As part of this liaison, you’ll need to give permission for your local authority to share information about your plans and support needs from your Education Health Care Plan (EHCP) with your chosen college’s support staff. You’ll be involved in the process of deciding the support you need – so it’s important to speak up about what will help you succeed in college. You will need to agree the support plans, so the college can get them in place before your course starts in the new term.

Reasonable Adjustments

Your college will have Learning Support funding in place to support you with any reasonable adjustments you may need. This might take the form of:

  • A support teacher, a support worker, or a sighted guide  
  • Learning and reading material in accessible formats – e.g. large print or digital
  • Assistive technology such as SuperNova Magnifier and Screen Reader
  • Technical accessories such as braille readers or document cameras

Assistive Technology is available to help students with visual impairments at college?

Students with visual impairments may already be familiar with assistive technology from their school years, however, it’s likely that many students won’t have used technology a lot in their learning. At college, you may be entitled to specialist assistive technology such as screen readers or screen magnifiers as part of your reasonable adjustments. These can help you access the course materials so you can read and study them independently.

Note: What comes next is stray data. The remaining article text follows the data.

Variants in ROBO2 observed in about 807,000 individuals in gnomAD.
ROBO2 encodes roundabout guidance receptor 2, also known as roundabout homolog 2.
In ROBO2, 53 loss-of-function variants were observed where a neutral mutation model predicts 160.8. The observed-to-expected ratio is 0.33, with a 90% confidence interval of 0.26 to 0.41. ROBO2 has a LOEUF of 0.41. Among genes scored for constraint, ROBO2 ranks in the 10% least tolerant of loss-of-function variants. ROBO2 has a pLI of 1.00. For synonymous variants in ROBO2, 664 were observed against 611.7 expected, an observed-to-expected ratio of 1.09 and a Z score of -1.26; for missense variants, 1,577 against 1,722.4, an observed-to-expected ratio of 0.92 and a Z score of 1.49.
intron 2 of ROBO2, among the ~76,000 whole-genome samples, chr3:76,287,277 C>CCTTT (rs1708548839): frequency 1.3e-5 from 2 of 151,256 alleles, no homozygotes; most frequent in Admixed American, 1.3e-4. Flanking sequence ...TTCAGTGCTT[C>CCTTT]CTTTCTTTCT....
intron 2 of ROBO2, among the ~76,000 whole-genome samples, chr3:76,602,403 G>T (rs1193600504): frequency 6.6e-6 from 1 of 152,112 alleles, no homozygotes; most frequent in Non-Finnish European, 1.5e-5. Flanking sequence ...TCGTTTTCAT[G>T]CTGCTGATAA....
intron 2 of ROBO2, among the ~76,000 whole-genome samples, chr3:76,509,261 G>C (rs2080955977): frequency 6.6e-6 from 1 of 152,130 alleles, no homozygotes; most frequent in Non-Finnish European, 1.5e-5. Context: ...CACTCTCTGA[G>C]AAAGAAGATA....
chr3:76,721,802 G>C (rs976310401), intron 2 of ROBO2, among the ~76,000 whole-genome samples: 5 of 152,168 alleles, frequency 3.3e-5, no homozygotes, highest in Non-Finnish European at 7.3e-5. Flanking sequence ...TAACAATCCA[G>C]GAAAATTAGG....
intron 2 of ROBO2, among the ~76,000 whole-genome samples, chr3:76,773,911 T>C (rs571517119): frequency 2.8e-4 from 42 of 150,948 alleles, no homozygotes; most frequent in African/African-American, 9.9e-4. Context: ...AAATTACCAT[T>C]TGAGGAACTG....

Other sources for learning are available – and they don’t necessarily have a cost attached. For example, EasyReader App can be used across all your devices, and it connects you to libraries and collections of accessible books, along with the means to read them with accessibility features such as enlarged text or audio. In the UK, it links to the RNIB Bookshare Education Collection, which has every textbook available in accessible formats, free.

Learning to use assistive technology well at college will help you access learning material and complete your studies in line with your peers. It will also help ensure you’re technologically adept, so you’re well-practiced and prepared for independent learning at uni, or to access computer systems in the workplace.

Training and support are included free with all Dolphin assistive technology products. Plus, to support colleges and their staff – who may not yet have experience teaching students with visual impairments – Dolphin produces assistive technology guides, runs webinars and has training courses all aimed at educators.

Practical things you can do before you start college:

Attend a college open day or taster sessions

This will help you find out more about the college, explore the campus and experience the college environment – to see if it feels right for you. Open days are a good opportunity to meet some of the teaching and support staff and to find out if the course you want to do is a good fit for you.